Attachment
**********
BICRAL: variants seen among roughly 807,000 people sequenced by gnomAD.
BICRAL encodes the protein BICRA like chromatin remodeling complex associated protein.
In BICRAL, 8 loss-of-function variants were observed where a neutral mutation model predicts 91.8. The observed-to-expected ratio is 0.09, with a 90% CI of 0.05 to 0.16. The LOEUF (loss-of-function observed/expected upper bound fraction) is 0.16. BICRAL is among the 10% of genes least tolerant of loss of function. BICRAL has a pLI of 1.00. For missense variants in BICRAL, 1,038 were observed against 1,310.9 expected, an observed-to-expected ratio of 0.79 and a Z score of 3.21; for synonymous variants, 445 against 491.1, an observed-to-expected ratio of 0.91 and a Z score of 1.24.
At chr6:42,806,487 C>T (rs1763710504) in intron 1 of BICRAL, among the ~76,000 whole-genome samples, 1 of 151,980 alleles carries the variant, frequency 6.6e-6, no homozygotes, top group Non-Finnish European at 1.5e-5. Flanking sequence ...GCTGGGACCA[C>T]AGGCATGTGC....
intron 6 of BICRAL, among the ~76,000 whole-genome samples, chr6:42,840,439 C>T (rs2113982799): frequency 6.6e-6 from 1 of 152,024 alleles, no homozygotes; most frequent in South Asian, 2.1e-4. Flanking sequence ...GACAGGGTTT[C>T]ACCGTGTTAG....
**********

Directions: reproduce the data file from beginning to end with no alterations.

BICRAL: variants seen among roughly 807,000 people sequenced by gnomAD.
BICRAL encodes the protein BICRA like chromatin remodeling complex associated protein.
In BICRAL, 8 loss-of-function variants were observed where a neutral mutation model predicts 91.8. The observed-to-expected ratio is 0.09, with a 90% CI of 0.05 to 0.16. The LOEUF (loss-of-function observed/expected upper bound fraction) is 0.16. BICRAL is among the 10% of genes least tolerant of loss of function. BICRAL has a pLI of 1.00. For missense variants in BICRAL, 1,038 were observed against 1,310.9 expected, an observed-to-expected ratio of 0.79 and a Z score of 3.21; for synonymous variants, 445 against 491.1, an observed-to-expected ratio of 0.91 and a Z score of 1.24.
At chr6:42,806,487 C>T (rs1763710504) in intron 1 of BICRAL, among the ~76,000 whole-genome samples, 1 of 151,980 alleles carries the variant, frequency 6.6e-6, no homozygotes, top group Non-Finnish European at 1.5e-5. Flanking sequence ...GCTGGGACCA[C>T]AGGCATGTGC....
intron 6 of BICRAL, among the ~76,000 whole-genome samples, chr6:42,840,439 C>T (rs2113982799): frequency 6.6e-6 from 1 of 152,024 alleles, no homozygotes; most frequent in South Asian, 2.1e-4. Flanking sequence ...GACAGGGTTT[C>T]ACCGTGTTAG....